Relations Among Teachers’ Self-Efficacy Beliefs, Engagement, and Work Satisfaction: A Social Cognitive View
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Although recent research has examined the links between (a) teacher self-efficacy and teacher engagement and (b) teacher engagement and job satisfaction, comparatively little is known about the longitudinal interplay among teachers’ self-efficacy beliefs, work engagement, and job satisfaction. Using short-term longitudinal data from almost 600 teachers, we redress this gap in the literature by examining a social cognitive reciprocal-effects model linking teachers’ self-efficacy beliefs, engagement, and satisfaction directly and indirectly. Results of fully-latent simultaneous equations analyses, establishing requisite levels of longitudinal measurement invariance, showed that teacher self-efficacy and work engagement were reciprocally linked over time. Teacher work engagement and job satisfaction were also found to be reciprocally linked over time. In addition, reciprocal indirect relations were obtained, such that (a) initial teacher self-efficacy predicted later work satisfaction via engagement and (b) initial work satisfaction predicted later teacher self-efficacy via engagement. Notably, the directional and reverse directional pathways constituting these reciprocal relations were found to be equal, suggesting that these constructs are mutually reinforcing in the motivational process shaping teachers’ capability beliefs, engagement, and satisfaction at work. Notably, all predictive effects were observed while accounting for prior variance in outcomes as well as the predictive effects of other substantive variables. The present findings contribute to understandings of the motivational processes underlying teachers’ development of their capability self-beliefs, engagement, and satisfaction at work.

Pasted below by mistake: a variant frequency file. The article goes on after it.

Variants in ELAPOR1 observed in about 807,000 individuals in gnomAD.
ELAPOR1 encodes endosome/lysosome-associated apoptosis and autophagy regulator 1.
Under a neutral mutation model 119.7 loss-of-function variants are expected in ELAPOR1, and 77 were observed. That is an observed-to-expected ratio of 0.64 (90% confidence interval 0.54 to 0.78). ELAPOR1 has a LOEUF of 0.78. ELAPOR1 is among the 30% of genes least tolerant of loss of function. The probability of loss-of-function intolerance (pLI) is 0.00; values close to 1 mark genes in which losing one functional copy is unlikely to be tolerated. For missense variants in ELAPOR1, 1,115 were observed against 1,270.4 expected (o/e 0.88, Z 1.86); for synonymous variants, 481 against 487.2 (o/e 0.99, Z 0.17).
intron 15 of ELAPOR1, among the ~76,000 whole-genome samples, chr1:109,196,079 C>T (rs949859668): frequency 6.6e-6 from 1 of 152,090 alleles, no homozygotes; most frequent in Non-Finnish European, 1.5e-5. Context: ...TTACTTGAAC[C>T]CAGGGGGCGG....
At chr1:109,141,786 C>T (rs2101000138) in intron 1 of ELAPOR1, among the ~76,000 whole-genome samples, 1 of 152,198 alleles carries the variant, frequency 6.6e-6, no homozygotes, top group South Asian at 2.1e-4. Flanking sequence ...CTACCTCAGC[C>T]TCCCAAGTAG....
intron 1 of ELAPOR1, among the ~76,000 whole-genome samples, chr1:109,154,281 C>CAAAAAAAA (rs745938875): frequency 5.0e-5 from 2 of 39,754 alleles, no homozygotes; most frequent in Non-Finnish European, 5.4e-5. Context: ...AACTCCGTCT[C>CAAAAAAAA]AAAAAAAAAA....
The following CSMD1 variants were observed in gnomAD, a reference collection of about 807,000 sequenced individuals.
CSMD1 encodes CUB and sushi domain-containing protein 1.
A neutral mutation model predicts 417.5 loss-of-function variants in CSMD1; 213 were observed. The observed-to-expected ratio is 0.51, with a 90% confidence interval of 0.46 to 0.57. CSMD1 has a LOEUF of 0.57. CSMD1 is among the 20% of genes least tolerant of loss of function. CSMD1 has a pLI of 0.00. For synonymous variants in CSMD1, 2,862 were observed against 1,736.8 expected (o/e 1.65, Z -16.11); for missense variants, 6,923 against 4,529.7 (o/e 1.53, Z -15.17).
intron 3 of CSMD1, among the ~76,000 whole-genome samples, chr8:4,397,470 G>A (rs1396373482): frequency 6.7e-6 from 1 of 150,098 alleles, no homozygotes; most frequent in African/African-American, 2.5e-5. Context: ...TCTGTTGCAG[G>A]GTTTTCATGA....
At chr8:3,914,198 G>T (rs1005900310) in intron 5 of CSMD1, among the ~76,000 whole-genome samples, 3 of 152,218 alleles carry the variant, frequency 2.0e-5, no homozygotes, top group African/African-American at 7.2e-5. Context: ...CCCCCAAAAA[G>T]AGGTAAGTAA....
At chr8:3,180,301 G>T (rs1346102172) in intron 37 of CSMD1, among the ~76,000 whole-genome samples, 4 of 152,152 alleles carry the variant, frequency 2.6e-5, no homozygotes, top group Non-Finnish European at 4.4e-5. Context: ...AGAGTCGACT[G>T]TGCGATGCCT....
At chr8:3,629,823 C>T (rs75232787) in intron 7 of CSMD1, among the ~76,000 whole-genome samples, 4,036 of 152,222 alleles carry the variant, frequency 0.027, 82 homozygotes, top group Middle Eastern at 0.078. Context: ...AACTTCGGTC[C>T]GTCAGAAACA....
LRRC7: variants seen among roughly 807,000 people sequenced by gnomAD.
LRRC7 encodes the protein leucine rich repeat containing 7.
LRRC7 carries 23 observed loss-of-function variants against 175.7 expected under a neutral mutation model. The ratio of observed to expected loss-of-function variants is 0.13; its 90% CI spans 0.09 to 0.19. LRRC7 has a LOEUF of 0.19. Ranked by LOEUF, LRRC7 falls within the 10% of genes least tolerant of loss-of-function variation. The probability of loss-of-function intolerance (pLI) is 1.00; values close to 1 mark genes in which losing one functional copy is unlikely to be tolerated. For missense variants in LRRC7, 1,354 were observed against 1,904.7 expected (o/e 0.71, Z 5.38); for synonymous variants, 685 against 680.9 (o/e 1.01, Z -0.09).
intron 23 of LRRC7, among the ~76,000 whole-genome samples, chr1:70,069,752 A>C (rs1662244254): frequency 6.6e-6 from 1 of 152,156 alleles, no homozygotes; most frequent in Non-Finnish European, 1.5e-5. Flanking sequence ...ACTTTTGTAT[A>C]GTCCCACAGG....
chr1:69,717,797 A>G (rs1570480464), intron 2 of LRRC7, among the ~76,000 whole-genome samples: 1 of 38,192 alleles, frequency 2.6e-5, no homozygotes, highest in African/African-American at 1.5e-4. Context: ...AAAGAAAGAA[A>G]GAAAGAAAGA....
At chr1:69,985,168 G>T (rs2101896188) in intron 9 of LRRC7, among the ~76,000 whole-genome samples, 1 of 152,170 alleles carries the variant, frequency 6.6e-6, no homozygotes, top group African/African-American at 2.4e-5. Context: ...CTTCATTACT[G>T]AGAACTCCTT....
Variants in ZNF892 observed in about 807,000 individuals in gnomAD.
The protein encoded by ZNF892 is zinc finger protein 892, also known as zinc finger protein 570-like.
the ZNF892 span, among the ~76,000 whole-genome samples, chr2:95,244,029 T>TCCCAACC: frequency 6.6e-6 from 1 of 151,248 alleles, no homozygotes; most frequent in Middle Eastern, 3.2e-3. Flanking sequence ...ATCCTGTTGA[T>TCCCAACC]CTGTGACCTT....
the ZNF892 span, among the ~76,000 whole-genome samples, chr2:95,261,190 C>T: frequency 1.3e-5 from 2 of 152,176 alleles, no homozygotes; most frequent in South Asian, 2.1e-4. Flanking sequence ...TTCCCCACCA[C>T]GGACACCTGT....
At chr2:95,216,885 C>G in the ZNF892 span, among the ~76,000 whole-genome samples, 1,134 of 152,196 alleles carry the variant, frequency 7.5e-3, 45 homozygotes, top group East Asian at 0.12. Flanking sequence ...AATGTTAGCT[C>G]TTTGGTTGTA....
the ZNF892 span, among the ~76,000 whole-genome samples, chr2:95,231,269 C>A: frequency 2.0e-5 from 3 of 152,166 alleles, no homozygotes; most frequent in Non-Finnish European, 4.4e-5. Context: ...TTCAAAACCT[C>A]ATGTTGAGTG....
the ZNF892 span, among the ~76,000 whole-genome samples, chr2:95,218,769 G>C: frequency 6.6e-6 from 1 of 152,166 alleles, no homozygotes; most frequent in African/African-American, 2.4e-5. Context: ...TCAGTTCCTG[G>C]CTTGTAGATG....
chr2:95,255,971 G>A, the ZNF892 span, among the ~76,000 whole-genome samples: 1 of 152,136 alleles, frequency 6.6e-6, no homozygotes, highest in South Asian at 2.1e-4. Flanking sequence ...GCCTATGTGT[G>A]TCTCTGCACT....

Teacher self-efficacy; Teacher engagement; Job satisfaction; Social cognitive theory; Teacher beliefs
Perera, H. N.
Relations Among Teachers’ Self-Efficacy Beliefs, Engagement, and Work Satisfaction: A Social Cognitive View.
Educational Psychology, 58